Writing is hard—it’s a form of punishment in school, and rightly so—and I stood paralyzed before all the different ways this simple message might be put.Jimmy Burns, narrator in Charles Portis’ Gringos
Finished a re-read of Gringos this week. If you are looking to get into Portis True Grit is the right starting place but Gringos is the right ending place. I’ve written about my love of Portis before – he is a great American novelist and novelist of America (although I confess I have never been able to get through Masters of Atlantis, which seems to me to just be a bad book).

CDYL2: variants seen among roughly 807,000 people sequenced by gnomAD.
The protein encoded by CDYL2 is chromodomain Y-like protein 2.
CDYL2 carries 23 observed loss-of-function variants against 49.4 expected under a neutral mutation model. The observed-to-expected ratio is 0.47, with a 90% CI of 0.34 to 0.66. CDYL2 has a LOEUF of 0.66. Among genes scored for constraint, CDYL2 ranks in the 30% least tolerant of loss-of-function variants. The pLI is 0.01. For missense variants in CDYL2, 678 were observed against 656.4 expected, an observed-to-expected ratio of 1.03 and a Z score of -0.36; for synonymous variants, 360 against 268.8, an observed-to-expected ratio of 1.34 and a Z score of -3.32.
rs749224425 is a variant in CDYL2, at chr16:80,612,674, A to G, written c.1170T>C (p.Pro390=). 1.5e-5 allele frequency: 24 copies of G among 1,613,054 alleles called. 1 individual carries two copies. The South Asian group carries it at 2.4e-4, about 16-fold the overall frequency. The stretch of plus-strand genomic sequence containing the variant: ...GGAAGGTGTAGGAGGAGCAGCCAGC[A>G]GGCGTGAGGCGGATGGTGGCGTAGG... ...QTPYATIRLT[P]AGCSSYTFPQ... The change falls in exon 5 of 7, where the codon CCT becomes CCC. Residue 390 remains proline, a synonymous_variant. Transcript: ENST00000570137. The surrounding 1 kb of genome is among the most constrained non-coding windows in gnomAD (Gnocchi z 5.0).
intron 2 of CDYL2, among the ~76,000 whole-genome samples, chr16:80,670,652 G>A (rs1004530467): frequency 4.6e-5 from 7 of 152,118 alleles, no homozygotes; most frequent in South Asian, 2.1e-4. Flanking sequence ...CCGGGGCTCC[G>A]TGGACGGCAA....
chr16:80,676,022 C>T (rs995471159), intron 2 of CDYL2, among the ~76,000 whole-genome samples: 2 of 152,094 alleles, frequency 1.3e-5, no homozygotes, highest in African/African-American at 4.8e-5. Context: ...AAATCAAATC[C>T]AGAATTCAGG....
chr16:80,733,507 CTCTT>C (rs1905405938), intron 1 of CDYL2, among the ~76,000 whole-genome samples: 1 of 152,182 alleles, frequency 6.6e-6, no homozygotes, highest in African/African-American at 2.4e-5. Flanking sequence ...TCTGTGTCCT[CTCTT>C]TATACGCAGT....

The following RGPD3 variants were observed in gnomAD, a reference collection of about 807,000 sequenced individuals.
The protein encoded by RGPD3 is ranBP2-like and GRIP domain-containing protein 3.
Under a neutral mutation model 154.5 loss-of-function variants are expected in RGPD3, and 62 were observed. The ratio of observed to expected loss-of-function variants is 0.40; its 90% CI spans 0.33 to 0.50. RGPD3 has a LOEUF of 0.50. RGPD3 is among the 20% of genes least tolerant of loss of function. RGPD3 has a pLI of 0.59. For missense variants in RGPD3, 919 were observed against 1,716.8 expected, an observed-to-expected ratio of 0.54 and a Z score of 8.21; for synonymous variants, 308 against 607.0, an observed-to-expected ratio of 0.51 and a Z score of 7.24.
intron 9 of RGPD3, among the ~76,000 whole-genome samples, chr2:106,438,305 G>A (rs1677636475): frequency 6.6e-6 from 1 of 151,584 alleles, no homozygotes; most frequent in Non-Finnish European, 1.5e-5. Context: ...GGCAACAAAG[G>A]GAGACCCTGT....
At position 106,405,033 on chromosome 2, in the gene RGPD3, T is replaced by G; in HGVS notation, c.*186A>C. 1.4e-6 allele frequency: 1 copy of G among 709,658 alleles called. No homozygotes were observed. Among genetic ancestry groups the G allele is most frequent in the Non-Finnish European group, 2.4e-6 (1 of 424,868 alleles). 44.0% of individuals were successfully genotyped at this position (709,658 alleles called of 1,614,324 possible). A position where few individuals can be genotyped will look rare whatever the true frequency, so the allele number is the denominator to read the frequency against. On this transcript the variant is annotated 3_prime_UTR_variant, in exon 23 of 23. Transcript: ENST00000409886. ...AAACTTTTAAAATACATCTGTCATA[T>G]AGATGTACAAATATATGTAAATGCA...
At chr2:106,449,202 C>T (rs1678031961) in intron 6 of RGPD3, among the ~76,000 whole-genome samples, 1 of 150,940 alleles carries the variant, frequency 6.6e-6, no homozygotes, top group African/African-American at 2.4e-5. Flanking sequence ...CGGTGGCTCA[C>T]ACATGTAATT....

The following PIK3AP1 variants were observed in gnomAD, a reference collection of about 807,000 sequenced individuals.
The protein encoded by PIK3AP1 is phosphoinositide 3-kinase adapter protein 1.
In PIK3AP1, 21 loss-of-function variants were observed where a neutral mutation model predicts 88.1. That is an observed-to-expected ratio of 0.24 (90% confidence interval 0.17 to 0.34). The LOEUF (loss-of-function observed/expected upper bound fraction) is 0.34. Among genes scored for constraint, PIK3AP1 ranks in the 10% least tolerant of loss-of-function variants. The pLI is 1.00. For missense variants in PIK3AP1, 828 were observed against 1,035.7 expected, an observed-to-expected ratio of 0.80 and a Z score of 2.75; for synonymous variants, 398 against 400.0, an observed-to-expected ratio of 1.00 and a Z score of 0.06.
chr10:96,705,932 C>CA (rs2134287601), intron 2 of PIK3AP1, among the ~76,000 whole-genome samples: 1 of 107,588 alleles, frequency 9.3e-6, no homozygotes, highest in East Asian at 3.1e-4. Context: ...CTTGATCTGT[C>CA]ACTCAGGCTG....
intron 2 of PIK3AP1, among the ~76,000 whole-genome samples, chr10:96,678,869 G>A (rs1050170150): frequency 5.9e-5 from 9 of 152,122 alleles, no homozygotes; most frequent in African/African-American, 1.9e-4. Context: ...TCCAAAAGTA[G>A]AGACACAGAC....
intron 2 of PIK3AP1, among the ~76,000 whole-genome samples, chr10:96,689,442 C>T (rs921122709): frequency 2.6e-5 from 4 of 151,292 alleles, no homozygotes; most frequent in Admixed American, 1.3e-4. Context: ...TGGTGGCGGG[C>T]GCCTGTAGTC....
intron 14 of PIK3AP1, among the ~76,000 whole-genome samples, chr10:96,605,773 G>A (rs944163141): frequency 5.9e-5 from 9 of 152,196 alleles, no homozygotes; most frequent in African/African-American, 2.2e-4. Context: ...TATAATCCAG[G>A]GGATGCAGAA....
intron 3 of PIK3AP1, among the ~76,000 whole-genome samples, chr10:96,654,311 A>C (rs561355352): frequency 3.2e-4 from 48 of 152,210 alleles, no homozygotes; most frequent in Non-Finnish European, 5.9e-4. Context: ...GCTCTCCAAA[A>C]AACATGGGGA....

Gringos is a book about many things, and one of the things it is about is writing and communication and miscommunication. There are articles in crackpot magazines, mysterious anonymous messages, indecipherable Mayan inscriptions, problems in translation etc. Writers don’t come out so well in it (“Bollard lived on the top floor of the Napoles Apartments and wrote novels. Of the grim modern kind, if I can read faces. I hadn’t read his books. My fear was that they might not be quite as bad as I wanted them to be.”) and part of the delight is that the critique occurs in such a brilliantly written novel.